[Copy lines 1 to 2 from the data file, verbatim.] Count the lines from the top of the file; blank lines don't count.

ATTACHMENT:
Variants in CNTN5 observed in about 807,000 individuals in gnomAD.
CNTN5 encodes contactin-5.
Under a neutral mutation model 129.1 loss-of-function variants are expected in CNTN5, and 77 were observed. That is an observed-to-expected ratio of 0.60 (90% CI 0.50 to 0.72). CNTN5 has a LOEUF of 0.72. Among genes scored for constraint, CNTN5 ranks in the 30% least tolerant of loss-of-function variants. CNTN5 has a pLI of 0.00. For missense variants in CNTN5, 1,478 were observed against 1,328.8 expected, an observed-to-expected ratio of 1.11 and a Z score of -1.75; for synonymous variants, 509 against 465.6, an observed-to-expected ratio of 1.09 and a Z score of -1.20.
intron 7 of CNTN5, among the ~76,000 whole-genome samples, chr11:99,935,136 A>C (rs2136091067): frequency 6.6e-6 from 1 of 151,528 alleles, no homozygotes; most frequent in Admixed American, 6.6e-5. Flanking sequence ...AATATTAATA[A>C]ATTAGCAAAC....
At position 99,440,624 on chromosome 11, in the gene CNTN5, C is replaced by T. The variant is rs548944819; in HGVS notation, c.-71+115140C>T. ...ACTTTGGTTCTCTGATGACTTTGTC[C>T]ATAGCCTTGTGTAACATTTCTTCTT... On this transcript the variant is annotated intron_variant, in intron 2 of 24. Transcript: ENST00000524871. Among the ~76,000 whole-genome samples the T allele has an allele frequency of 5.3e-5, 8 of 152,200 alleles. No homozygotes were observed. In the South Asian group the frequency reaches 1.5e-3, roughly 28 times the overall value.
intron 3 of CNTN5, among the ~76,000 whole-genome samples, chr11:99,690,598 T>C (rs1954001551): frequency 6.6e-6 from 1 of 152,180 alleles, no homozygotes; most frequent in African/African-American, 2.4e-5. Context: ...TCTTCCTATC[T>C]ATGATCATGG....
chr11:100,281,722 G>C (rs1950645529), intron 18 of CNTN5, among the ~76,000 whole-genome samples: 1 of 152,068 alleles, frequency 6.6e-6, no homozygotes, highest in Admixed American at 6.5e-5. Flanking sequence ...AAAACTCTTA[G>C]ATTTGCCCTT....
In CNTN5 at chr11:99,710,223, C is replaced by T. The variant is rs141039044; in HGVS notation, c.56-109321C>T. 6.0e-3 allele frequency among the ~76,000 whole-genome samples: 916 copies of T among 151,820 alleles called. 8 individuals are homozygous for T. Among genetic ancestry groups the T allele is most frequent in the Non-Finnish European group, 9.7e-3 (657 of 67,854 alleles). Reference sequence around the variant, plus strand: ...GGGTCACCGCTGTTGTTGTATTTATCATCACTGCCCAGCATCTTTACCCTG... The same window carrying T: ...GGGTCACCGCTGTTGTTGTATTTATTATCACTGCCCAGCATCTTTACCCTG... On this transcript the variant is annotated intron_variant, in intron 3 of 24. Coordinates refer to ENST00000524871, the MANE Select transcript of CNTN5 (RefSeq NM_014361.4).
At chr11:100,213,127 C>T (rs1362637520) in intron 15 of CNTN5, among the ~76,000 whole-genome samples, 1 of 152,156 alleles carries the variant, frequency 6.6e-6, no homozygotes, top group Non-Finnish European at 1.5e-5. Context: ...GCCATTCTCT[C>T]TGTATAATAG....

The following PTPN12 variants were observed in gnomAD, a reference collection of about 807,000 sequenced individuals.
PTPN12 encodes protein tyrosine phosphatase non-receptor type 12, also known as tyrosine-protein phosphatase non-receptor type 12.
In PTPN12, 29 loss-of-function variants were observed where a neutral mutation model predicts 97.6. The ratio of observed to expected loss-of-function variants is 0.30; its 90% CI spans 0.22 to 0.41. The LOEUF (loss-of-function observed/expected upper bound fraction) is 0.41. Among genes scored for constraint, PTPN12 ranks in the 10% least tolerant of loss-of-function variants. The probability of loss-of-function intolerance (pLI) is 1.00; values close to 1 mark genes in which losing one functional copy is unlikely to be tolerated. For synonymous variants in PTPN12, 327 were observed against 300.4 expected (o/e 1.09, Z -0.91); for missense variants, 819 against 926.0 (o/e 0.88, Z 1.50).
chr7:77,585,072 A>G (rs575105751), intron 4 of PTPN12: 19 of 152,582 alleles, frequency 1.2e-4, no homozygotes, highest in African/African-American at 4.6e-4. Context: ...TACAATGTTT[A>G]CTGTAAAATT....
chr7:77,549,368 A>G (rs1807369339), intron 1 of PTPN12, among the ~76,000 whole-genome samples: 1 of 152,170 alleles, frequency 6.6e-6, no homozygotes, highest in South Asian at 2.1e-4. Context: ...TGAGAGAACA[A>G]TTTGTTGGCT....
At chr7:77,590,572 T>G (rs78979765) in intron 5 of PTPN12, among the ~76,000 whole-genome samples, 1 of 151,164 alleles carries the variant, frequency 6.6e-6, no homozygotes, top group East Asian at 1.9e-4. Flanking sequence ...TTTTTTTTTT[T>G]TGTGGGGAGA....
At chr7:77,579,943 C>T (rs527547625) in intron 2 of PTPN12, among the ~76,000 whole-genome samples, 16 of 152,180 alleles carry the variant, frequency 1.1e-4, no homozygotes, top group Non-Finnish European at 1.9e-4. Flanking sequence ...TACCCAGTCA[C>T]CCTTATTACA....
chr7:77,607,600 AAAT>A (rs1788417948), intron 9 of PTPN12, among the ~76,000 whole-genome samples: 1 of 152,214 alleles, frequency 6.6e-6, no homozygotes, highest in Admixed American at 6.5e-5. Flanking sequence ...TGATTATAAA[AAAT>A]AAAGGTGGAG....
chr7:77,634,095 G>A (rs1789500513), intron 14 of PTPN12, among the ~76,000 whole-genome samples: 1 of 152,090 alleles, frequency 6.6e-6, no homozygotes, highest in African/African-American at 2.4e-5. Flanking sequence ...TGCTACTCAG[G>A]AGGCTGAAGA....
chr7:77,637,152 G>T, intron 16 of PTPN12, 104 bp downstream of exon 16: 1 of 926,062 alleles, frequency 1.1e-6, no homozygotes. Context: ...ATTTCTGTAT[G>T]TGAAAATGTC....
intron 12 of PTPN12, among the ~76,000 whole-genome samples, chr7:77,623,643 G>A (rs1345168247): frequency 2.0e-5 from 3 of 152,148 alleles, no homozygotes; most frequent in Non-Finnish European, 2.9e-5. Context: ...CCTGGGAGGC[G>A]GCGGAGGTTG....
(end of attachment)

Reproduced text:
Variants in CNTN5 observed in about 807,000 individuals in gnomAD.
CNTN5 encodes contactin-5.